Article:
We were sitting around a table in a borrowed house (thank you, Lynn and Phil) eating a take-out dinner (thank you, Tarpey’s) and laughing (thank you, Lord.)
My husband and I had driven from our home in Las Vegas, to Monterey, Calif., a place we once called home. My daughter and her husband and their 5-year-old, Henry, live nearby and joined us for dinner to celebrate the birthday of my oldest, who drove up from L.A.
The house where we were staying didn’t belong to us. But as I looked around that table at those people I love, and saw the smiles on their faces and the light in their eyes, this thought filled my mind and my heart and my soul: “We are home.”
What do you see if you close your eyes and picture “home”?
For me, it’s a beautiful mess of faces and places, sights and sounds, tastes and feelings and a whole lot of memories. It all began with my grandmothers.
My mother’s mother lived in a cracker box house on the main street of a small Southern town. We’d sit in a swing on her porch, she and I, watching the parade of life passing on the road: Old people driving slow, waving like friendly snails. Kids dangling off the backs of pickups. Dogs’ heads hanging out the windows.
We played a game answering questions: Where were all those people going? Had they been shopping? What did they buy? How much did they pay for it?
It wasn’t much of a game, but somehow, imagining the lives of strangers made me feel more at home.
My dad’s mother lived on a farm in the mountains, where the parade of life was Nature. Whenever I came to visit, we would walk for miles, picking berries, dodging snakes, wading barefoot in a creek, feeling the sun on our faces and the wind in our hair.
Some of us share a kinship with mountains and rivers and dirt that is as real and binding and nurturing as any connection we share with flesh and blood.
Thanks to my grandmothers, I learned to feel at home in two very different worlds. One was quiet and serene. (My older sister couldn’t stand it.) The other bustled with traffic and bristled with drama from my mother and her eight sisters.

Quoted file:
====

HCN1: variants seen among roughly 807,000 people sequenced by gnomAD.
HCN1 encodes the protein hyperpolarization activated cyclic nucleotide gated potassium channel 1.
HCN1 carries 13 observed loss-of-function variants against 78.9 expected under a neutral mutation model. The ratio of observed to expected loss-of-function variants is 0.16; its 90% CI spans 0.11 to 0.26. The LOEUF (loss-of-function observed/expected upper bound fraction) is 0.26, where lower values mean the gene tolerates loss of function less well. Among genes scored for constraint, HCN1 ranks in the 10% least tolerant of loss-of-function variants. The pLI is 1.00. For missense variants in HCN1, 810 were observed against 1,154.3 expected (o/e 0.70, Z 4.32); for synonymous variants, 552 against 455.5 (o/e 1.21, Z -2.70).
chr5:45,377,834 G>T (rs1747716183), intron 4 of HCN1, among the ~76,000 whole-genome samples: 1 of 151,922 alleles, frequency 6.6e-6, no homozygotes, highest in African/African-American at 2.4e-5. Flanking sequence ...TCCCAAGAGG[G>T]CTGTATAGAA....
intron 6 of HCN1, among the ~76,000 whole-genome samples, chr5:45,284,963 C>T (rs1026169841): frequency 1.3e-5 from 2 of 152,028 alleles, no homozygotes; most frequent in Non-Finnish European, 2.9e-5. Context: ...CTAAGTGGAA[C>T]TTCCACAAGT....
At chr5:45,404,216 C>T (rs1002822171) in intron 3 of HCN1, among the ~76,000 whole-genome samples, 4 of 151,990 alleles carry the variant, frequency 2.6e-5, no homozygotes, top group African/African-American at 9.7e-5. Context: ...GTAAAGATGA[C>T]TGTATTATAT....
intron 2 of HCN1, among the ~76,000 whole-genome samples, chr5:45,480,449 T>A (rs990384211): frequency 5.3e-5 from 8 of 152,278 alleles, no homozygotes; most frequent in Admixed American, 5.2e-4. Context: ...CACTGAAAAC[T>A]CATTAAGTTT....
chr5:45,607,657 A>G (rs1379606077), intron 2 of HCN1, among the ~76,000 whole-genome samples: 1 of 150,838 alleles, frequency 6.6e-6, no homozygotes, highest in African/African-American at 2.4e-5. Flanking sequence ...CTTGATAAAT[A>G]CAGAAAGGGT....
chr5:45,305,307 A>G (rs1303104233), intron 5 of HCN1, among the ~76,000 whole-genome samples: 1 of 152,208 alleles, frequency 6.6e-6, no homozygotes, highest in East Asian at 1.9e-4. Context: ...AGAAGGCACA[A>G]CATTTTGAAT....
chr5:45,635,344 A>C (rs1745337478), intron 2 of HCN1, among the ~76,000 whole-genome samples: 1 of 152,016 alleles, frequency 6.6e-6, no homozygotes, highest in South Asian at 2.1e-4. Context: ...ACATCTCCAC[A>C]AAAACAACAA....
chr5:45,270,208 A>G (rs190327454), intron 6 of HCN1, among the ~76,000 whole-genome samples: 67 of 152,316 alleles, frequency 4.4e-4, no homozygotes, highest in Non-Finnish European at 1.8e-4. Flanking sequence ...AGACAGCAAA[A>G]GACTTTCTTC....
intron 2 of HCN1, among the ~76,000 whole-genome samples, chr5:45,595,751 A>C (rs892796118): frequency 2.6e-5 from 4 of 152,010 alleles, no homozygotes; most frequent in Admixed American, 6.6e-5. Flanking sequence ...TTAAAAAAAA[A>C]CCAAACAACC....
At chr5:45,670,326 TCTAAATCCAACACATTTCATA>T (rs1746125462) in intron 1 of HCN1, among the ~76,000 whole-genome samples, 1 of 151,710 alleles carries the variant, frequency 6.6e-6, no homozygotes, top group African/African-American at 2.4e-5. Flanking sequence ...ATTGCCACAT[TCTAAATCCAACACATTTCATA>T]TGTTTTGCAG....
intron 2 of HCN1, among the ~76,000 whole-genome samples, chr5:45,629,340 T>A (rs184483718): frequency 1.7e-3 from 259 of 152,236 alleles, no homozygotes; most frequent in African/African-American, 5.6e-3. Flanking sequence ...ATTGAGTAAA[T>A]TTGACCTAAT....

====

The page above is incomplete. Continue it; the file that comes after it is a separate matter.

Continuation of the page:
But in both of those places, I felt wanted and safe and at peace. Most of all, I felt like myself. Home is a place where you get to be yourself _ your best self _ and to know that you belong.
It helps, of course, if you like the food. My grandmothers didn’t cook the same things in the same ways. It didn’t matter. Cornbread or biscuits, pinto beans or black-eyed peas, fried chicken or stewed venison, banana pudding or peach cobbler. It all tasted good to me.
But even the best home cooking is only as good as the people with whom you share it. I was lucky. I loved the peace and serenity of the mountains. But I also loved the “fistfight in an outhouse” pandemonium that dogged my mother and her sisters like a hound on a hunt.
Growing up in those two worlds, with the help of two very different, but equally wonderful women, taught me to be at home in any kind of weather, in the storm, as well as the calm. It was the gift of a lifetime, and I will be forever grateful.
Home isn’t the place where you sleep at night, or the address where you get your mail. It’s a place in your head and your heart and in your soul. You carry it with you wherever you go.
I have tried to teach that to my children, and I hope to teach it to my grandchildren.
I want them always to feel at home when they look into my eyes. To hear it in the laughter of family and friends. To taste it in the food they share with someone they love. But most of all, I want them to see it when they look in the mirror.
Home is a big place with room for us all. I will meet you there.